• 25.  Definition  A set of interrelated elements or components that collect (input), manipulate (process), and disseminate (output) data and information and provide a feedback mechanism to meet an objective  (IS) Pronounced as separate letters, and short for Information Systems or Information Services. For many companies, IS is the name of the department responsible for computers, networking and data management. Other companies refer to the department as IT (Information Technology) and MIS (Management Information Services).
    • 26. Environment OrganisationInput Processing Output Feedback
    • 27. External Environment People Organisation Information System Technology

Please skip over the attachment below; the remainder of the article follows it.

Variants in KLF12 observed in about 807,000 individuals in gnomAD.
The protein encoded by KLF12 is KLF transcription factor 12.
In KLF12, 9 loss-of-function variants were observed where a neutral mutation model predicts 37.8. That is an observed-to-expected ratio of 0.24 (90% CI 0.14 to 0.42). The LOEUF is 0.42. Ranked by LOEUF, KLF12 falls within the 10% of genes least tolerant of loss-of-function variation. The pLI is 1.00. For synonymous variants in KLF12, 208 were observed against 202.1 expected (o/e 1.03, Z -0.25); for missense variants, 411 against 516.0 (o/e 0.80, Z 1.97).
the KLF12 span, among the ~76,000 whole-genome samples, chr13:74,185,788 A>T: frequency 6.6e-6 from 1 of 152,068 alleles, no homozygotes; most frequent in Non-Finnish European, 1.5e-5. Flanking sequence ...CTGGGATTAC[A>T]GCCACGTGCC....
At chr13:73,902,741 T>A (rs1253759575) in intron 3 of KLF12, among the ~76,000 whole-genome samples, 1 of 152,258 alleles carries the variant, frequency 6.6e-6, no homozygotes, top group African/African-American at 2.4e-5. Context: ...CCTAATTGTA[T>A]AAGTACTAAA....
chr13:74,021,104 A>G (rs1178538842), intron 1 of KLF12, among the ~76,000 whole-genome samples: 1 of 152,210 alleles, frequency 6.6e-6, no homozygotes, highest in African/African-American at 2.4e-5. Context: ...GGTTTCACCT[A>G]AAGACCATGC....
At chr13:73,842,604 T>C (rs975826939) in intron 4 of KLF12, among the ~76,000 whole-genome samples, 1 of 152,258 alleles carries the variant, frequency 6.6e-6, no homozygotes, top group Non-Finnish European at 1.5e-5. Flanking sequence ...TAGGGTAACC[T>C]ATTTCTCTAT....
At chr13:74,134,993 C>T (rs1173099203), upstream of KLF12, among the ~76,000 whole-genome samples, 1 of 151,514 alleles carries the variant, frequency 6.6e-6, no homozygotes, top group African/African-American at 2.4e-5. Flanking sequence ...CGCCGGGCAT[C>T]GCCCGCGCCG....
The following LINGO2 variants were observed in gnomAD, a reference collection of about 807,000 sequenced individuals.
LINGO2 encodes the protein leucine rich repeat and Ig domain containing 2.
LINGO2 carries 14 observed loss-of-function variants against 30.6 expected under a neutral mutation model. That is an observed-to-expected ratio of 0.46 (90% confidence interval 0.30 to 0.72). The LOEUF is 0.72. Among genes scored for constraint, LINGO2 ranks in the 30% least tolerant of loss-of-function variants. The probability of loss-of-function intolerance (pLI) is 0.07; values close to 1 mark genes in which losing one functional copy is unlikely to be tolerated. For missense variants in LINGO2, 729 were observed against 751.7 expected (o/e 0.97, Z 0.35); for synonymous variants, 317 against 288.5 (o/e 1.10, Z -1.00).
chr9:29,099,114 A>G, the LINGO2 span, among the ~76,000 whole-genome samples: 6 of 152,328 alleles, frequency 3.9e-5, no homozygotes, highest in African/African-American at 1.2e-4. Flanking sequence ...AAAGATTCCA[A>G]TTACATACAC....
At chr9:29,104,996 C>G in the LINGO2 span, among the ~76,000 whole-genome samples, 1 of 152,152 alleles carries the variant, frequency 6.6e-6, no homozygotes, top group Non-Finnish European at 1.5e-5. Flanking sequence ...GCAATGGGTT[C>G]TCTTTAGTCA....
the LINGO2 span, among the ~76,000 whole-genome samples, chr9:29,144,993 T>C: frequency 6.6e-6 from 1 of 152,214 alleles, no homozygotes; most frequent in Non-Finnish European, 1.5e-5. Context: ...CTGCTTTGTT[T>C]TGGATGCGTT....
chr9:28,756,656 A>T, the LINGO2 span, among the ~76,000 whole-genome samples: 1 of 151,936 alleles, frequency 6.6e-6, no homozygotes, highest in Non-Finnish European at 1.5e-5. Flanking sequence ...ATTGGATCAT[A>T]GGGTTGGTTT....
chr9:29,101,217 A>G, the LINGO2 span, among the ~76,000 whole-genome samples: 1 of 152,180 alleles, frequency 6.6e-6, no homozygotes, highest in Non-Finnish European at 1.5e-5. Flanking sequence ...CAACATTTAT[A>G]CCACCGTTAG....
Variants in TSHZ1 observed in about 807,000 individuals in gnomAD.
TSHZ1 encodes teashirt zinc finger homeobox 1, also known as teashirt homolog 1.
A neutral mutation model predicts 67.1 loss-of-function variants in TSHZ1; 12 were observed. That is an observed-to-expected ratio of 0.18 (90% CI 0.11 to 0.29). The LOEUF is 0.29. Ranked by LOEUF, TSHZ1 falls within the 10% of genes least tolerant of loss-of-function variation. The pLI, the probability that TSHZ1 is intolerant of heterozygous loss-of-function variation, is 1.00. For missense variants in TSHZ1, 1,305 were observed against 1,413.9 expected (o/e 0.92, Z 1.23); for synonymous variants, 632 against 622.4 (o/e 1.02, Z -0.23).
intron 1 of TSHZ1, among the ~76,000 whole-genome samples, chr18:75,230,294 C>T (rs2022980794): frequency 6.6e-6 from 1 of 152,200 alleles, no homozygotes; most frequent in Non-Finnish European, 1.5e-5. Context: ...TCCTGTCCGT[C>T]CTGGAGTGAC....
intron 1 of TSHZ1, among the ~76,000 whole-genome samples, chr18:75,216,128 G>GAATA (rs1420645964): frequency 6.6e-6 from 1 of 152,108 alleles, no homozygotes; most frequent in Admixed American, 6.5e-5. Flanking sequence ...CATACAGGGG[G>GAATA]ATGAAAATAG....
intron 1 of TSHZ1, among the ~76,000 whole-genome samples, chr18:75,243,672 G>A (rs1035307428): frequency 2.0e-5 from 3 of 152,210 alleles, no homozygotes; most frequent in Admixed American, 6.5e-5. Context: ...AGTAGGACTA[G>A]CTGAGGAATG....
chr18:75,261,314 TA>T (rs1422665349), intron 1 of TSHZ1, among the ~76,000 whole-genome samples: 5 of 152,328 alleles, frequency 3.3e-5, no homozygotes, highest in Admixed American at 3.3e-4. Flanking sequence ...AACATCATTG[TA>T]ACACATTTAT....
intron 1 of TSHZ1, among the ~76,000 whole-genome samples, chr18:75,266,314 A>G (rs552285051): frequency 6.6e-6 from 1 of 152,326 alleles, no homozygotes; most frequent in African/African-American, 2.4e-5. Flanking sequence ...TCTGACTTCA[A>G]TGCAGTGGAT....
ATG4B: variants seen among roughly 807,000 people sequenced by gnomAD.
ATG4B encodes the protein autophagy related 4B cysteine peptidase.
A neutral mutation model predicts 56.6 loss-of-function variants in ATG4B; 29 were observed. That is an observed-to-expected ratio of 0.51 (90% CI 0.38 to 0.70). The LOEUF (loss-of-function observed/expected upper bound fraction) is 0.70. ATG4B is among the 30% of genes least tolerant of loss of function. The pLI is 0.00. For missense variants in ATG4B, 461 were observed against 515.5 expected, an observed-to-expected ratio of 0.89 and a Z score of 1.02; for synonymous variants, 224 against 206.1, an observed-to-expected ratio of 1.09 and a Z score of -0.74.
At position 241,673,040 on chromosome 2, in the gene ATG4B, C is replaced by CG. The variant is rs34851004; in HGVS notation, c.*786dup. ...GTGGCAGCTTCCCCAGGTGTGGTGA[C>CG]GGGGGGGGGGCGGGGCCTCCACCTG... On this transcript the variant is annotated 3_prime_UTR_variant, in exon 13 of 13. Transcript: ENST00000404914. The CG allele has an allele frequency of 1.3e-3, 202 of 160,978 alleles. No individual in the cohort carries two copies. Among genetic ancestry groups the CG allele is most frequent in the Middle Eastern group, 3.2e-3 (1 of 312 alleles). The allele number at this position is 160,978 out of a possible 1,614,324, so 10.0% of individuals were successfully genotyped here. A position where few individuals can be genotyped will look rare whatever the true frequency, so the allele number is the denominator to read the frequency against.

• 28.  Input  The activity of gathering and capturing data  Whatever goes into the computer Processing  Converting or transforming data into useful outputs Output  Useful information, usually in the form of documents and/or reports  Anything that comes out of a computer
    • 29. (n) Whatever goes into the computer. Input can take a variety of forms, from commands you enter on a keyboard to data from another computer or device. A device that feeds data into a computer, such as a keyboard or mouse, is called an input device.(v) The act of entering data into a computer